CIA chief says U.S. has ‘genuine concerns’ about Russians leveraging Iran negotiations
‘I don’t think they exaggerate the influence of the leverage that they have,’ William Burns told the House Intelligence Committee yesterday
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The U.S. has “genuine concerns” about how the Russians might leverage their role as negotiators in the Iran nuclear talks for their own benefit in Ukraine, CIA Director William Burns told the House Intelligence Committee yesterday.
Russian Foreign Minister Sergei Lavrov has demanded written assurances that Ukraine-related sanctions would not prevent Moscow from trading with Iran under a renewed nuclear agreement, a demand the U.S. swiftly rejected. Russia’s chief nuclear negotiator also said this week that Iran “got much more than it could expect” in a renewed agreement.
Burns, testifying alongside other U.S. intelligence community officials, said that the U.S. must “take seriously” and “pay careful attention to” the Russian officials’ comments about the Iran deal, adding that he does not “think we can just assume that [the comments are] bluster.”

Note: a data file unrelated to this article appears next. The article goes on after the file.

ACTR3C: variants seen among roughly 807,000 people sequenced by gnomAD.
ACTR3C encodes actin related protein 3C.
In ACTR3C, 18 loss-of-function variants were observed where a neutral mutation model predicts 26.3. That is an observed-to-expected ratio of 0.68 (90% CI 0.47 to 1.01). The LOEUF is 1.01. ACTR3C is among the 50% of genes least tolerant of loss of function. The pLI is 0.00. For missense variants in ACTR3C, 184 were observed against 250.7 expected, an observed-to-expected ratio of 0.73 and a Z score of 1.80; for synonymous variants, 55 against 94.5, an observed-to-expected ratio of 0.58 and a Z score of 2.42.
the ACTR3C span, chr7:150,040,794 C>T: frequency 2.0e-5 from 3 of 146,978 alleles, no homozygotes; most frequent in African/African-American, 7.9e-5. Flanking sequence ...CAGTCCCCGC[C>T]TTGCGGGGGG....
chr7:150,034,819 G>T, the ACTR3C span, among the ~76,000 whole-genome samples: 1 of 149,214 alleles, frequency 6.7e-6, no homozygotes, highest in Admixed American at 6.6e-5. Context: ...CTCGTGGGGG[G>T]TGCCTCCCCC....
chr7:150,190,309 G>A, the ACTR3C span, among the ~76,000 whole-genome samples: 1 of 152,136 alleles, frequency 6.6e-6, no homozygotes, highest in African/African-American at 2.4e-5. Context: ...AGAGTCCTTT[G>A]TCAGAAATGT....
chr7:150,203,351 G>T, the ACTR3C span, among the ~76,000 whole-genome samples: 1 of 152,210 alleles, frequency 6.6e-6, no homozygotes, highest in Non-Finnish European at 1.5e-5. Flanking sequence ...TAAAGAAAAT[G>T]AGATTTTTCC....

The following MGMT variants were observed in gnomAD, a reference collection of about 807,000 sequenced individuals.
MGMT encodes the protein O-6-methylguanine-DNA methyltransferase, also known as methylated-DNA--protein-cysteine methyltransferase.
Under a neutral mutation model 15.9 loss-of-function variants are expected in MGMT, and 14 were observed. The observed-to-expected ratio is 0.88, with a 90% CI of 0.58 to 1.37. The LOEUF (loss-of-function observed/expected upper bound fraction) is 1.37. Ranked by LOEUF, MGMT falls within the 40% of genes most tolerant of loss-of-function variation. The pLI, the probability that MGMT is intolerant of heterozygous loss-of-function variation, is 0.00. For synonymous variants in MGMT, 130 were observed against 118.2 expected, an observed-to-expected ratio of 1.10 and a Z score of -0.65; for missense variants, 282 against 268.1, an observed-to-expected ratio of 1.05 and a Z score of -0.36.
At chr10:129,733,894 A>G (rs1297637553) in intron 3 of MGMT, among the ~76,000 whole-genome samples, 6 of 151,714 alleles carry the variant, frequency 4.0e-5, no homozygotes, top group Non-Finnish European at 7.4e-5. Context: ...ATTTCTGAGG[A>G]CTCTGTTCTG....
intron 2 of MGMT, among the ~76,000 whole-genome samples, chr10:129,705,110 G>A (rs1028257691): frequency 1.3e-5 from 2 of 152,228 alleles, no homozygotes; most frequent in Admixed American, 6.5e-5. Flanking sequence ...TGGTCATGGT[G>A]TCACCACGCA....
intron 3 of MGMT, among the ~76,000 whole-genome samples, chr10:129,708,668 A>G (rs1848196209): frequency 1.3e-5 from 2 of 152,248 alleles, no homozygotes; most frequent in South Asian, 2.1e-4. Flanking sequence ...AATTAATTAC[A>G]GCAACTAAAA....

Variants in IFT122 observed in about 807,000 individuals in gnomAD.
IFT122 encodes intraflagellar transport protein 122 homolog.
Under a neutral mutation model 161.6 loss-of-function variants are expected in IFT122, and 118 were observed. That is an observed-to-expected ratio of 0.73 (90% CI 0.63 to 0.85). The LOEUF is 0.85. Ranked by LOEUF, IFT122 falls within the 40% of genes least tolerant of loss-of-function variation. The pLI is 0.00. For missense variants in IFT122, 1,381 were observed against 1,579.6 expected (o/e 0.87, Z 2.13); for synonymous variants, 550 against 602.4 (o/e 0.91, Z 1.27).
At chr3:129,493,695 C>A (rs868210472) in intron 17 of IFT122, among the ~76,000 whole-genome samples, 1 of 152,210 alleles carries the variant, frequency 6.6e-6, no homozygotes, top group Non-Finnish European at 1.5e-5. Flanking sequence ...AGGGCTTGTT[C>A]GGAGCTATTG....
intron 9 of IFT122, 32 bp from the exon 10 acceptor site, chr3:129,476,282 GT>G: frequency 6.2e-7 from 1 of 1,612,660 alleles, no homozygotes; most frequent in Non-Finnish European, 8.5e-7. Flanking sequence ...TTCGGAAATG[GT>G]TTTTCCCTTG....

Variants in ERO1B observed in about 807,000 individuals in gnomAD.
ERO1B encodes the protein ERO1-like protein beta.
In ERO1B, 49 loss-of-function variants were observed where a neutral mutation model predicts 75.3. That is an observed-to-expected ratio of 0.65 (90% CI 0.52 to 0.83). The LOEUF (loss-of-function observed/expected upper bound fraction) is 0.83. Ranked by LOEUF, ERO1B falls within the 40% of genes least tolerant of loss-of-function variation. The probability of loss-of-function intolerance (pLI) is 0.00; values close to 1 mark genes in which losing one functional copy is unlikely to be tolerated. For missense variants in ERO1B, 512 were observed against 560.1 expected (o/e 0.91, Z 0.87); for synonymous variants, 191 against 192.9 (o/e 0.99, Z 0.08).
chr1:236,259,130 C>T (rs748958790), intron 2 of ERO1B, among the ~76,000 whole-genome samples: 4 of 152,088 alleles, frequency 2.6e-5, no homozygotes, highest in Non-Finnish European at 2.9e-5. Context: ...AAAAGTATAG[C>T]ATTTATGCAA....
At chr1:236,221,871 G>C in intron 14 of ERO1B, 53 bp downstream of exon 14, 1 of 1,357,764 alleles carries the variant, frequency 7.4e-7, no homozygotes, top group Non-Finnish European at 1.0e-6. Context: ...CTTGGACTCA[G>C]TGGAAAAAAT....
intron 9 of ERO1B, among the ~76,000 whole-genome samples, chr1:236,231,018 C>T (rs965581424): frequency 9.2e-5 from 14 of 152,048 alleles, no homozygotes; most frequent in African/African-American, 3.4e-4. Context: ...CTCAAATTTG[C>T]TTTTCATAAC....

“How the Russians try to play that question of leverage… is a genuine concern,” he said. “I don’t think they exaggerate the influence of the leverage that they have. Over the years — and we’ll see what happens now given the depths of division over Ukraine. But what’s been remarkable over a number of years is the extent to which they’ve contributed to those negotiations. Now it remains to be seen whether that’s going to continue.”
While he noted that he is not directly involved in the negotiations, Burns said that he does not believe they are being impacted by efforts to shut Russian oil out of the global market or other factors related to the Ukraine conflict.
“I think this is being done on the merits about whether it makes sense from the point of U.S. national interest to go back into the JCPOA, recognizing, as I said earlier, that we’ve got lots of other problems posed by this Iranian regime quite apart from the nuclear issue as well,” he explained.
The former diplomat also said he is unsure if there are any plans to bring the Vienna deal to a U.N. Security Council vote.